OK – now that I got one, first thing you do is plug in a monitor and a keyboard, press the power button, and up comes a Linux. Yay. That was significantly easier than the Pi’s “create an account somewhere, then download an image from there, then burn that”. So far, so good. There’s also a driver install script (so of course, went ahead and installed that), then there’s your usual ‘apt’ (so went ahead and did apt update/apt upgrade), and yes, there’s a full linux (so created a new user account, started installing packages, etc. Just like a regular laptop. Great.

Except – the first roadblock: I have the nvidia driver installed, I have gdm running, have cmake, gcc, etc,  but where’s my cuda? And wait – that driver is from early 2018, I somehow doubt that’ll have Optix 7 on it?

So, start searching for ARM NVidia drivers to install – and there is one, but it’s only 32bit? Wait, what? Turns out that even though the thing looks like a regular laptop/PC, that’s apparently not how you’re supposed to use it, at least not yet, and at least not from the developer tools point of view: The right way to get all that to work – as I eventualy had to learn realize after I had already done the above – is to use the NVidia “JetPack” tool set ( Good news: this tool is actually quite powerful – bad news: it flashes your Xavier, so all the time I spent in installing driver, creating users, updating system, etc … hm; i hope you will read this first.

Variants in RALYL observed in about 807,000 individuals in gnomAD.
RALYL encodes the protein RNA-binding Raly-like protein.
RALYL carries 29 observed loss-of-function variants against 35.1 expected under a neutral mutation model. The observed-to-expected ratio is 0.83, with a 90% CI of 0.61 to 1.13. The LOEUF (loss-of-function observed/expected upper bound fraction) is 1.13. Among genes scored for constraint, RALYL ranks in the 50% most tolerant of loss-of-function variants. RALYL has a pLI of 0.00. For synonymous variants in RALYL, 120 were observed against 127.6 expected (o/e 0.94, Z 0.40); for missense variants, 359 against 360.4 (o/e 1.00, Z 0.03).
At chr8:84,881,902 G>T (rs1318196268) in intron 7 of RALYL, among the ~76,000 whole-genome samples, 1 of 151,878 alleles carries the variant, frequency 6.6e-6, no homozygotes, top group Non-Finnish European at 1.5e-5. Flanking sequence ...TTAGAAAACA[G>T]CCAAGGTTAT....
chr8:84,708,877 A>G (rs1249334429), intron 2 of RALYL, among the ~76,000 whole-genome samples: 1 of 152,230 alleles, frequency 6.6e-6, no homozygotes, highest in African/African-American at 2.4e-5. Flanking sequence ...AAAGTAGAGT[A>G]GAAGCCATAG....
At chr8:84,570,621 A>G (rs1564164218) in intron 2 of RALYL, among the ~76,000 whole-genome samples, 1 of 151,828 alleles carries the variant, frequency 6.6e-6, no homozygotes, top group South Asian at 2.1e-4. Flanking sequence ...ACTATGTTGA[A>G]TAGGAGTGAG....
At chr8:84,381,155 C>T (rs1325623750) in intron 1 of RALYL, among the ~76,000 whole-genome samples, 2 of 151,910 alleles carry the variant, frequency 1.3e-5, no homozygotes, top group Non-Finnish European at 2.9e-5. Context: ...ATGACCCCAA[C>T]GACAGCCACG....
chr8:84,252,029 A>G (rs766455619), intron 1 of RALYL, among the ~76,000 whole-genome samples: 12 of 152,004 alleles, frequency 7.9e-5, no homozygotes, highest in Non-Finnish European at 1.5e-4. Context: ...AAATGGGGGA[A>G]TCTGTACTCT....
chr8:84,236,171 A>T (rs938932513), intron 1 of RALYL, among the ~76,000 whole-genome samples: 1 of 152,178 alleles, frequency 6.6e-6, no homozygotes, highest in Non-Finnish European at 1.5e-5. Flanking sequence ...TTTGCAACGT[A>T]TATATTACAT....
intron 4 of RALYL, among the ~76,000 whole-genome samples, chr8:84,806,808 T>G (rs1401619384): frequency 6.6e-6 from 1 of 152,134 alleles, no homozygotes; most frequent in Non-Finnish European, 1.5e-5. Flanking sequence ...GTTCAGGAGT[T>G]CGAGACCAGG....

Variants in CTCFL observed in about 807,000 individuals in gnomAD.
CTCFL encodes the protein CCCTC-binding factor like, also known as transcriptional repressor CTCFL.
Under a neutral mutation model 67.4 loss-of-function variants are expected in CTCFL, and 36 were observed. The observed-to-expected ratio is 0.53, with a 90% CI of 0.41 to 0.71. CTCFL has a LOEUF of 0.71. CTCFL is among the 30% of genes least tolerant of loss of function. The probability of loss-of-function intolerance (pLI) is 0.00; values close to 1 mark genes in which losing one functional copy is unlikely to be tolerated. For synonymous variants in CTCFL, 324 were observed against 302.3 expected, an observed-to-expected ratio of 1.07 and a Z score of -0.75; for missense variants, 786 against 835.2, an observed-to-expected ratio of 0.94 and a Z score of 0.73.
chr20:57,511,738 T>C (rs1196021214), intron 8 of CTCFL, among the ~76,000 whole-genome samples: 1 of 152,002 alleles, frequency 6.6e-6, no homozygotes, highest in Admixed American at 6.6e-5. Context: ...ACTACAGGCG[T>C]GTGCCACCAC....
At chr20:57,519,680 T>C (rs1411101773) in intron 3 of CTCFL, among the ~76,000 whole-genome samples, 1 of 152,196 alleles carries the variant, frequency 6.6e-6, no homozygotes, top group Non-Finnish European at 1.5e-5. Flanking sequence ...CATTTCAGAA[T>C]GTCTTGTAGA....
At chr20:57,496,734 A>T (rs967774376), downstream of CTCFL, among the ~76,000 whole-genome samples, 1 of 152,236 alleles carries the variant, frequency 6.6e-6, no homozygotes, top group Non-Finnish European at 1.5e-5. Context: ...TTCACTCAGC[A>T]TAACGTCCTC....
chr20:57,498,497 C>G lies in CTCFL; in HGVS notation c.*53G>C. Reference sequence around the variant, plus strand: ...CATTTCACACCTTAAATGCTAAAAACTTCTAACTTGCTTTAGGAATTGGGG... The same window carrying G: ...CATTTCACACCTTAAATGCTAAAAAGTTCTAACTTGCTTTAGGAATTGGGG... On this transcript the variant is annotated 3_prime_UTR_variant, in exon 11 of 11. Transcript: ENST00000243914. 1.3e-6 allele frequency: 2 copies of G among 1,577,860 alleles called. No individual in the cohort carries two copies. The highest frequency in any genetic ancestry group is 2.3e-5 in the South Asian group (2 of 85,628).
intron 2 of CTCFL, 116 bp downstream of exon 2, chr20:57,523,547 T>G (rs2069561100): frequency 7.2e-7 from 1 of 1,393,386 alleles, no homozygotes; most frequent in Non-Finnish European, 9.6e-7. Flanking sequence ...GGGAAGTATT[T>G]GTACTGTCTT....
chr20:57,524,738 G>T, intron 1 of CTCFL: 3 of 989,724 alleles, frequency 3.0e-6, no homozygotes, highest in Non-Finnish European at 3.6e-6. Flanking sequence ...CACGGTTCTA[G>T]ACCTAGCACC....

Doing it the right way: JetPack

So, Jetpack. The way Jetpack works is that you download it for a host system, install it there, and use that host system to flash your Xavier. Initially I was a bit skeptical when I read that, because this entire “host system” smacked a lot of exactly the “cross-compile workflow” I wanted to avoid in the first place. Luckily, it turns out you really only need this for the initial flashing, and for installing the SDK – once that’s done, you no longer need the host system (well, “apparently” – it’s not that I wrote all that much software on it, yet).

OK, so just to summarize: To do it the right way, go to, and download the .deb file (sdkmanager_0.9.14-4964_amd64.deb in my case), then install this with

sudo apt install sdkmanager_0.9.14-4964_amd64.deb

Then start the newly installed ‘sdkmanager’ tool, and you should see something like this:sdkmanager